Transgender men, who were assigned female sex at birth and have transitioned into their male sex, experience greater insulin sensitivity after undergoing a year of hormone therapy, according to results of a new study.

The Belgium study found that the converse happens to insulin sensitivity in transgender women when they have been taking the reassignment hormone therapy for a year to transition from male to female sex.

The study involved 55 transgender women and 35 transgender men. Average age was 26 years old for the transgender men and 34 years old for the transgender women.

At the start of the trial, and before they began taking their medication, all the participants had various health data measured such as their height, weight, lean mass, waist circumference, fasting plasma glucose and fasting insulin. A year after they had started taking their hormone therapy, all the volunteers had the same measurements taken again.

The results found that transgender men, undergoing male hormone therapy, experienced an increase in insulin sensitivity, whereas the transgender women, who underwent female hormone therapy, experienced a decrease in insulin sensitivity.

The finding could have clinical implications as the results suggest that transgender men may be at greater risk of developing type 2 diabetes. Further research is needed to confirm the findings and to investigate the implications.

Professor Samyah Shadid, of Ghent University Hospital in Belgium, said: “To what extent these observations are reproducible has yet to be determined; until then, it might be advisable to monitor insulin sensitivity parameters regularly in transgender people after gender-affirming hormone therapy.”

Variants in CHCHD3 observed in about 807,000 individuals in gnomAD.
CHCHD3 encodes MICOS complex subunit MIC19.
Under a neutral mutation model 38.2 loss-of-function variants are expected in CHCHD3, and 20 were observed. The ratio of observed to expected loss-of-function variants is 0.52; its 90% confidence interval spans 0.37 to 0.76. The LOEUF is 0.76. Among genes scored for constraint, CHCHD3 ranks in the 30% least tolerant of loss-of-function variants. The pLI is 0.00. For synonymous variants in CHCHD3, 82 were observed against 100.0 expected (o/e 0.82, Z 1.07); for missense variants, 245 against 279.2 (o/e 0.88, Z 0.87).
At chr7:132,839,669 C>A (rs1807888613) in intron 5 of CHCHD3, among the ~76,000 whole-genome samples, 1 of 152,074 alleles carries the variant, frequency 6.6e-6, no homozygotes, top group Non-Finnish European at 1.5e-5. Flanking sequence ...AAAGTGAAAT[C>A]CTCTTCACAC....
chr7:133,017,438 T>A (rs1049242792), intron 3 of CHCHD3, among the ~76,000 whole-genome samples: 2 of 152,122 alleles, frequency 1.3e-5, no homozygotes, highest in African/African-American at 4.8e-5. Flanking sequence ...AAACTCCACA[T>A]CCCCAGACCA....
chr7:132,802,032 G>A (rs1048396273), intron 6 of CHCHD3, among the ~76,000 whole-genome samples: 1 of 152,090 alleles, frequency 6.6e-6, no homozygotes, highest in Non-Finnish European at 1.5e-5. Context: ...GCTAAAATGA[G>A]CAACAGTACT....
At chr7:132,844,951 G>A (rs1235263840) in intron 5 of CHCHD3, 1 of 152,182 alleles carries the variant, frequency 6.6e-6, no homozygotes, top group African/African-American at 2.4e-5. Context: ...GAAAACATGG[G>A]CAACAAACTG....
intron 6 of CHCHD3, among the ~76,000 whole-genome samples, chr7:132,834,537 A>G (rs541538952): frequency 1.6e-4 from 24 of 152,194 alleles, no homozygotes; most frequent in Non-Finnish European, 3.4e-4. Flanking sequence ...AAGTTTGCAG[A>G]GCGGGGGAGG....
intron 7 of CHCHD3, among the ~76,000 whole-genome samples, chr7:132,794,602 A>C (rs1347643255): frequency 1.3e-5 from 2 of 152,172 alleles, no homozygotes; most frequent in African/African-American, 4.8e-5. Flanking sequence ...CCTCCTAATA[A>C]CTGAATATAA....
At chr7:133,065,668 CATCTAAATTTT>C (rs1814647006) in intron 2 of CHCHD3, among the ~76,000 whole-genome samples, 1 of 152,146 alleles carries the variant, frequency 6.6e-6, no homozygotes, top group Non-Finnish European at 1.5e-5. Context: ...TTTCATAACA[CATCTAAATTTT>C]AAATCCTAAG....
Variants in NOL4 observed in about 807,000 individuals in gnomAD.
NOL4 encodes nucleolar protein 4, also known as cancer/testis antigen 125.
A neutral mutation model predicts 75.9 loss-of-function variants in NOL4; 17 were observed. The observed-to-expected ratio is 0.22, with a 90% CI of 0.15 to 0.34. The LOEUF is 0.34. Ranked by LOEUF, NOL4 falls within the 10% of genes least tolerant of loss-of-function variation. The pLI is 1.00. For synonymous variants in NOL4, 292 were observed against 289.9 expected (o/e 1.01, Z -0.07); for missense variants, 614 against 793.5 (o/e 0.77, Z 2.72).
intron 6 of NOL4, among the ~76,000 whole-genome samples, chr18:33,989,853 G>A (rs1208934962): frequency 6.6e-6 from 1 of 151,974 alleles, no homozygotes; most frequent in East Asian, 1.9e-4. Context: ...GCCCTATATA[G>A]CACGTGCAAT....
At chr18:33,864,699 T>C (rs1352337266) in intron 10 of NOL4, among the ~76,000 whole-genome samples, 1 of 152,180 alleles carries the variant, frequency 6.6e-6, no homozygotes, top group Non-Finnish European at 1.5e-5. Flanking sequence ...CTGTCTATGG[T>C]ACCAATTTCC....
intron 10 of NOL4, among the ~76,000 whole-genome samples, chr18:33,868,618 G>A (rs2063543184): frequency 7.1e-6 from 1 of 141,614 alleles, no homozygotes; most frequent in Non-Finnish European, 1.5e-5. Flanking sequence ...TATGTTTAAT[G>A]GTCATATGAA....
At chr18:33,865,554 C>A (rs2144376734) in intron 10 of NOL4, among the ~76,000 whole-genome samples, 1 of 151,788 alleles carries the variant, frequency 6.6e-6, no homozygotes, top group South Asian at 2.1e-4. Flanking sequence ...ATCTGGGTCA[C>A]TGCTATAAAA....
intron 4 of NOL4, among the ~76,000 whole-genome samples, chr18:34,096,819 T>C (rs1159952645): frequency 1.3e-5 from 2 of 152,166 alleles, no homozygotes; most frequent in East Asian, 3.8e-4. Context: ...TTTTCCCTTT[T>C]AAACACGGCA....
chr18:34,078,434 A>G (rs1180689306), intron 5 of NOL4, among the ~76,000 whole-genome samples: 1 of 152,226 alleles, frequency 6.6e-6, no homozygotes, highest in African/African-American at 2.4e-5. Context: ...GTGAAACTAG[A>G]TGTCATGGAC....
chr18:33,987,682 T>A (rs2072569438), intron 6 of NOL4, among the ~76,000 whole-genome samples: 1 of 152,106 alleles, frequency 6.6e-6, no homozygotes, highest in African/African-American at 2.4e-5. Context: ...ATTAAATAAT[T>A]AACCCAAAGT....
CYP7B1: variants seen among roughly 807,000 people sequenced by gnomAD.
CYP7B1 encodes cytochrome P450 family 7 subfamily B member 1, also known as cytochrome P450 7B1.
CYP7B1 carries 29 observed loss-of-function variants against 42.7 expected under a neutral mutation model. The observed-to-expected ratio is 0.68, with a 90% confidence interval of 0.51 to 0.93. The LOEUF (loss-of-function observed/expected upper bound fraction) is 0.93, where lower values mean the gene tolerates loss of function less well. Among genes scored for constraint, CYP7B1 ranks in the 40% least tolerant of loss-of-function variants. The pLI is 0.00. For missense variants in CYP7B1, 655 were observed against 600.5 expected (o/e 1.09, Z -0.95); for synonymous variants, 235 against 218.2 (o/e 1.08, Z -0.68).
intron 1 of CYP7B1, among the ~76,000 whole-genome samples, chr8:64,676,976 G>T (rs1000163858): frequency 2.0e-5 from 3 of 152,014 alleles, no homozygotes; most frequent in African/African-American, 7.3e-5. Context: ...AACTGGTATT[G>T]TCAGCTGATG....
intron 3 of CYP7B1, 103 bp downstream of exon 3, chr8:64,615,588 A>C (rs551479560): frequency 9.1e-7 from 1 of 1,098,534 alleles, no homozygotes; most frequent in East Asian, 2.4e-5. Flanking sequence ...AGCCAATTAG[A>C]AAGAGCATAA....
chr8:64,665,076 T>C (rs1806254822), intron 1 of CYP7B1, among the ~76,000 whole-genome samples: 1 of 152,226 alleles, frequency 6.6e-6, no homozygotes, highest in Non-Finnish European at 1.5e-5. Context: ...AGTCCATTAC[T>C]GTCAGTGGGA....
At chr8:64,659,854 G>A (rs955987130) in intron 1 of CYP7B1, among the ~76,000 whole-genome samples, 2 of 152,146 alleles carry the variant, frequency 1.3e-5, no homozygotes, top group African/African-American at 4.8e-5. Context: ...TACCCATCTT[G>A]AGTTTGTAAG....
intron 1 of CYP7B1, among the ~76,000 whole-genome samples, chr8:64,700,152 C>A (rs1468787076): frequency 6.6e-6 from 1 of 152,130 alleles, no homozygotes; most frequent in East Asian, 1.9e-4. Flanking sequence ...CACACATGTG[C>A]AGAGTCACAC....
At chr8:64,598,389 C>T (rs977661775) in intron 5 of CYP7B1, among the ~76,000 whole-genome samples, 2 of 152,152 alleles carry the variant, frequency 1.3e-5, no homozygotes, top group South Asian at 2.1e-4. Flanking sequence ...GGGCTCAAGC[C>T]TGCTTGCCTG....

In terms of body weight, the researchers found the average body weight among the transgender men started out at 63.1kg and increased to 65.9kg after a year of hormone therapy. There was no significant change in body weight among the transgender women.

Body weight change may be ambiguous as there are different permutations possible in terms of increases and decreases in muscle and fat mass. Previous research has shown hormone therapy for transgender men to tend to increase lean body mass and decrease fat mass. However, the current study did not investigate this aspect.

The researchers concluded: “Even though not all parameters and markers changed significantly, nor into the same direction, the fact that the changes in insulin sensitivity largely tended toward opposite directions in both groups suggests that, at least in our study cohort, people were more insulin sensitive under male than under female hormone exposition.”

The findings have been published in the Diabetes Care journal.

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